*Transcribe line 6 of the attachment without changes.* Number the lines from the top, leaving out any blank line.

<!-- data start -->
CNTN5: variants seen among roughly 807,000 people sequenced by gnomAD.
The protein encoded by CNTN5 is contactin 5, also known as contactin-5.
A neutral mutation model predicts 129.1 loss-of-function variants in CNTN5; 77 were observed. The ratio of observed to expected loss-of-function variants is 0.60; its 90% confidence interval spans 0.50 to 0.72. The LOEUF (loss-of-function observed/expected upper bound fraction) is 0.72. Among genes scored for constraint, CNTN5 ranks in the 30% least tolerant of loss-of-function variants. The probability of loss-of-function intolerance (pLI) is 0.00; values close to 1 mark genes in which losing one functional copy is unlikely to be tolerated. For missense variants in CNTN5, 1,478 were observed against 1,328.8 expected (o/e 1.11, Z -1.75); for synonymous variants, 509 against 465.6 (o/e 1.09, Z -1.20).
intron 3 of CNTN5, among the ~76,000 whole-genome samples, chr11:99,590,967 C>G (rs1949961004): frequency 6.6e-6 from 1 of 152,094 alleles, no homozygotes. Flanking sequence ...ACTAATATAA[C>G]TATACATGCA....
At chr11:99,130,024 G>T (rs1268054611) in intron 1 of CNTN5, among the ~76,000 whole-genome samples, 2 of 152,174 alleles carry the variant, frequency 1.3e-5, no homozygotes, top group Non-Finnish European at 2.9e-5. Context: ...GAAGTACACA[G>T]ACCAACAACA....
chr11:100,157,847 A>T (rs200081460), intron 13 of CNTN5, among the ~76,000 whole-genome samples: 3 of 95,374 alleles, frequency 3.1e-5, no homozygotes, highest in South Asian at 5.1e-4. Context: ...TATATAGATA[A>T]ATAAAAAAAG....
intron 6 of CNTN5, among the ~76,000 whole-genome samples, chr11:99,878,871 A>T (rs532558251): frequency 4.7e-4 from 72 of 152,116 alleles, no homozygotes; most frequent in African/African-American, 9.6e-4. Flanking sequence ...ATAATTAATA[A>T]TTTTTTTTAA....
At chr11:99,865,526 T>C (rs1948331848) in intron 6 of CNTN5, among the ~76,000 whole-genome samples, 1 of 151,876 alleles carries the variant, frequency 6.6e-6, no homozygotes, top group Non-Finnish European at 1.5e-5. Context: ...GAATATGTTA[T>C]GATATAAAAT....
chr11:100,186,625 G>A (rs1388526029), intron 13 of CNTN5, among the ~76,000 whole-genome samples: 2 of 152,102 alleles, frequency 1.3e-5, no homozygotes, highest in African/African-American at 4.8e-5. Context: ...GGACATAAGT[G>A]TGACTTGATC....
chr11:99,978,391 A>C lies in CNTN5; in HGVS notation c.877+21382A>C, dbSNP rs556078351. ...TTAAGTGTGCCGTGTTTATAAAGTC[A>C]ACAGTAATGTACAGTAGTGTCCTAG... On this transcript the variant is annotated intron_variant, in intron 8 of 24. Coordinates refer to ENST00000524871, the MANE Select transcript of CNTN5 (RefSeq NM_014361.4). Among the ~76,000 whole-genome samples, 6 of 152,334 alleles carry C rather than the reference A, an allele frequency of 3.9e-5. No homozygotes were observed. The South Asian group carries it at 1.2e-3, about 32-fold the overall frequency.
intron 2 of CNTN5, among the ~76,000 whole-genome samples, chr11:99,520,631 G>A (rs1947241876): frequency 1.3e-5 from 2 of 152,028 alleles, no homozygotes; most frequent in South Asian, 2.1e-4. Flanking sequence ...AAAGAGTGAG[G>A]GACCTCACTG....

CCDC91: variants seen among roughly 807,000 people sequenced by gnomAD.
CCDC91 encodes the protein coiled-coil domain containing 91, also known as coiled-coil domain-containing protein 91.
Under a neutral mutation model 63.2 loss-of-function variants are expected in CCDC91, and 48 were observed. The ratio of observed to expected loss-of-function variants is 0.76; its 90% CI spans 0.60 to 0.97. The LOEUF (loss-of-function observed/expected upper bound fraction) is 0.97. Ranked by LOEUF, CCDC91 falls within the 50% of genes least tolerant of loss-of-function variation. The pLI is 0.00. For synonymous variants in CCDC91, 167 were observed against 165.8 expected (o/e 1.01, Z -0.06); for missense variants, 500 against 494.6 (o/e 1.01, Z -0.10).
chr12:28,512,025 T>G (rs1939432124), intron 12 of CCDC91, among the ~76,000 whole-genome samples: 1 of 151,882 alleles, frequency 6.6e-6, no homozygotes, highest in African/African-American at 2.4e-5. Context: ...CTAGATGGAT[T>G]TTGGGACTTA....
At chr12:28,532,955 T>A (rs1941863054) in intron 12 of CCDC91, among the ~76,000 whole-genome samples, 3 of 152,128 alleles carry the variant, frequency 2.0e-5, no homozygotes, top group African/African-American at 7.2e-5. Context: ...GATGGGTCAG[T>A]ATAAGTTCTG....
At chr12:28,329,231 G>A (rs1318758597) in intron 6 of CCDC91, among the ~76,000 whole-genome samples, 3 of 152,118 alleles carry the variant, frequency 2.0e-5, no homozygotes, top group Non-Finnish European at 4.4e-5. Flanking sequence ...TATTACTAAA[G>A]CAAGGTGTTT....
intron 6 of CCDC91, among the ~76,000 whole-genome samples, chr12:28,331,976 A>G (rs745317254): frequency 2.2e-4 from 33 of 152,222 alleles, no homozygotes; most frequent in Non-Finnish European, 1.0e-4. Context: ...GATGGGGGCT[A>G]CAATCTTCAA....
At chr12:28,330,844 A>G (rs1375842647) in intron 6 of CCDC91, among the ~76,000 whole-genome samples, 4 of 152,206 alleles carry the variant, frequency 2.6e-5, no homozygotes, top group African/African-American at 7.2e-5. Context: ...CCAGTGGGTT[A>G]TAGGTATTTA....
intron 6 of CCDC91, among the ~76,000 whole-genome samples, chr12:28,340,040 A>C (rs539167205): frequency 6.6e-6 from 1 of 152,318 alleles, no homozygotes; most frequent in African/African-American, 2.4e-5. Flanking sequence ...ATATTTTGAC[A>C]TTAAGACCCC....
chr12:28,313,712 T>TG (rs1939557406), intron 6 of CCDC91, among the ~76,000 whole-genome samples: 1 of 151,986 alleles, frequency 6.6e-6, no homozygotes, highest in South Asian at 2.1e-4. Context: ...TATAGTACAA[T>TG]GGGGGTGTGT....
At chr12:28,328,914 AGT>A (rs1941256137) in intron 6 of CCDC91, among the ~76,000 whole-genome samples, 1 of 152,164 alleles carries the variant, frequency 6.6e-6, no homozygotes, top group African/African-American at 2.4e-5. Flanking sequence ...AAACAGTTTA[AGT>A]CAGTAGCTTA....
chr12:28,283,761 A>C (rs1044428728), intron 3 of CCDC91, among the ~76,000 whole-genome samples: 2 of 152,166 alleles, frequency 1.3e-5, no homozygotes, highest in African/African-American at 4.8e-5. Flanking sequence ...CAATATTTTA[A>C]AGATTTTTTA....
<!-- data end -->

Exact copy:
chr11:100,157,847 A>T (rs200081460), intron 13 of CNTN5, among the ~76,000 whole-genome samples: 3 of 95,374 alleles, frequency 3.1e-5, no homozygotes, highest in South Asian at 5.1e-4. Context: ...TATATAGATA[A>T]ATAAAAAAAG....